I don’t know what happened. Maybe they just gave up or took one look at her photo and realized they were beating a dead horse. Pffft. Doubt it. They probably just moved on to other prospects to torment. Whatever the reason, we were stunned and relieved to be done with the whole ridiculous process.

So, yippie! A little bit of sunshine in my thundercloud of a post.

For a related post regarding thoughts about impending death, click here to read “Guilt in Caregivers.”

 

Upside of Dementia, II: Conversation

I told you there would be more. Here is the second part to what will be a recurring post about the unexpected benefits of dementia as long as I can find any. Even with dementia, there is still much to enjoy during conversation.  (To read “Upside of Dementia, I: New Relationships,” click here.  To read “Upside of Dementia, III: Preserving Family History,” click here.)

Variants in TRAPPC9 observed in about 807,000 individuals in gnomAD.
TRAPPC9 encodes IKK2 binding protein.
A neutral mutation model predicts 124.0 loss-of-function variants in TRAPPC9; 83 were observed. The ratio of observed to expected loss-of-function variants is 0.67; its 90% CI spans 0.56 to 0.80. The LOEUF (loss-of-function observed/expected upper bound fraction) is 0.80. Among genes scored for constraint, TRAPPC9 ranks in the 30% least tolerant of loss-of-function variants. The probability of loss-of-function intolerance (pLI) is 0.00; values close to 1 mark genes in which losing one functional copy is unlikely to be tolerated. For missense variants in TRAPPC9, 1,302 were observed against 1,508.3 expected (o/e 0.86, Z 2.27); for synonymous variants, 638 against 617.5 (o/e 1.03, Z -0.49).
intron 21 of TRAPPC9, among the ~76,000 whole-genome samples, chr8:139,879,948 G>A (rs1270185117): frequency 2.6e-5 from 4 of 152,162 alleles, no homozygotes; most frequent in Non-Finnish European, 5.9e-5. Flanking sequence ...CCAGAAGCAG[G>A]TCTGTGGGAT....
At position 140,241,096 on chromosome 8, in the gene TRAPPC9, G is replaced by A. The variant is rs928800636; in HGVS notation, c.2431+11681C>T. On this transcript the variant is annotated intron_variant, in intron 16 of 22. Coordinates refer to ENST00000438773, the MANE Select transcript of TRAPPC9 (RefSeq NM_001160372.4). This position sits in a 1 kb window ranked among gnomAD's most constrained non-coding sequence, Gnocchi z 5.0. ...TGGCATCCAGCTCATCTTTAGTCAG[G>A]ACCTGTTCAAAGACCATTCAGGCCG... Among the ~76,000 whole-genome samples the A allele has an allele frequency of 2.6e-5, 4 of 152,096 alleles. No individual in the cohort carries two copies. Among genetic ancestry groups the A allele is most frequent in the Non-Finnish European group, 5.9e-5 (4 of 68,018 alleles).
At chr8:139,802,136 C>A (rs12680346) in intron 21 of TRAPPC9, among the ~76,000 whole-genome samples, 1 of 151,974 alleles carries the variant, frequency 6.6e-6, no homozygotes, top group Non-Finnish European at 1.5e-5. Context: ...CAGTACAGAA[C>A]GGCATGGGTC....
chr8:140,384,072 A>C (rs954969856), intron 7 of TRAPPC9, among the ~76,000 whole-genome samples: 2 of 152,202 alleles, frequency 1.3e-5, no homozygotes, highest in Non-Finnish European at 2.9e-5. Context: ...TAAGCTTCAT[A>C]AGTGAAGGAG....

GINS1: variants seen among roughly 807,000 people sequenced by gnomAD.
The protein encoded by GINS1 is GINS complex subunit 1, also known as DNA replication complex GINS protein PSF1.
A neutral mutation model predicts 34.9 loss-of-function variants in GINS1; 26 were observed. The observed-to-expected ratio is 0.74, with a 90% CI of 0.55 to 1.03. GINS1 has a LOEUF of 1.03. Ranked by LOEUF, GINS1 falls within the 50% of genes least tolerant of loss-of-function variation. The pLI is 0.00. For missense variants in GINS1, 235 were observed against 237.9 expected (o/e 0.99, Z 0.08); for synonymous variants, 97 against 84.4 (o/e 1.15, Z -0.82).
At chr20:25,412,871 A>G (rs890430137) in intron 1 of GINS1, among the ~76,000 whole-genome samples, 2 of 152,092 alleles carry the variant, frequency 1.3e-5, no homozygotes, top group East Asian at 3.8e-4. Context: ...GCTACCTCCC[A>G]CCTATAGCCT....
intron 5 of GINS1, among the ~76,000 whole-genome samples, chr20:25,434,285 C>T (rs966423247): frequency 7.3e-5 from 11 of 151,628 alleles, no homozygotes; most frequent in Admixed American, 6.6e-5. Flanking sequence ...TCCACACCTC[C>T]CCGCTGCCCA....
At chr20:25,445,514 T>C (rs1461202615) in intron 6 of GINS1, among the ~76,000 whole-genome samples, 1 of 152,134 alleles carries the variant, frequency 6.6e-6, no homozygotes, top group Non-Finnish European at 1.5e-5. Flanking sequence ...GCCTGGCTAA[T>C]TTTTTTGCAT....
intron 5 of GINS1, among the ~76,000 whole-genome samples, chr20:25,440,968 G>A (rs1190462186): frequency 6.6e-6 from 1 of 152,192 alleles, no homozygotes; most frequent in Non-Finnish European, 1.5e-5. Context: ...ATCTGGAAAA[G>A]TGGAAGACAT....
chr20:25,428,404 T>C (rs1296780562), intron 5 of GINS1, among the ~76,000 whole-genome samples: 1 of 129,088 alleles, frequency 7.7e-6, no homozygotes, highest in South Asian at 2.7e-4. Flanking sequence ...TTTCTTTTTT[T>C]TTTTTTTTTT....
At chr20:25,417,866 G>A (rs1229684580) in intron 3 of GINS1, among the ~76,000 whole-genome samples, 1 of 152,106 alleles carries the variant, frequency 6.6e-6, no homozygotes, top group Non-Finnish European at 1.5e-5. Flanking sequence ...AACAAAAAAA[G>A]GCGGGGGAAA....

A Successful Topic of Conversation

Conversing with a loved one with dementia can be a frustrating experience. They don’t remember anything for very long, so frequently the conversation is a series of the same questions and comments over and over again. Sometimes, too, you just weary of having to repeat and explain every comment you make because it’s never understood the first time. Conversation just becomes too arduous, and the silences become more frequent.

If you could only steer it to a subject that could last for more than two exchanges, you would be thrilled.

Well, the long term memory is strongest and sticks around the longest.  That means that your loved one’s most secure ground is their childhood. This is a wide open territory to mine when conversation lags or becomes frustratingly repetitious.

Start with What You Know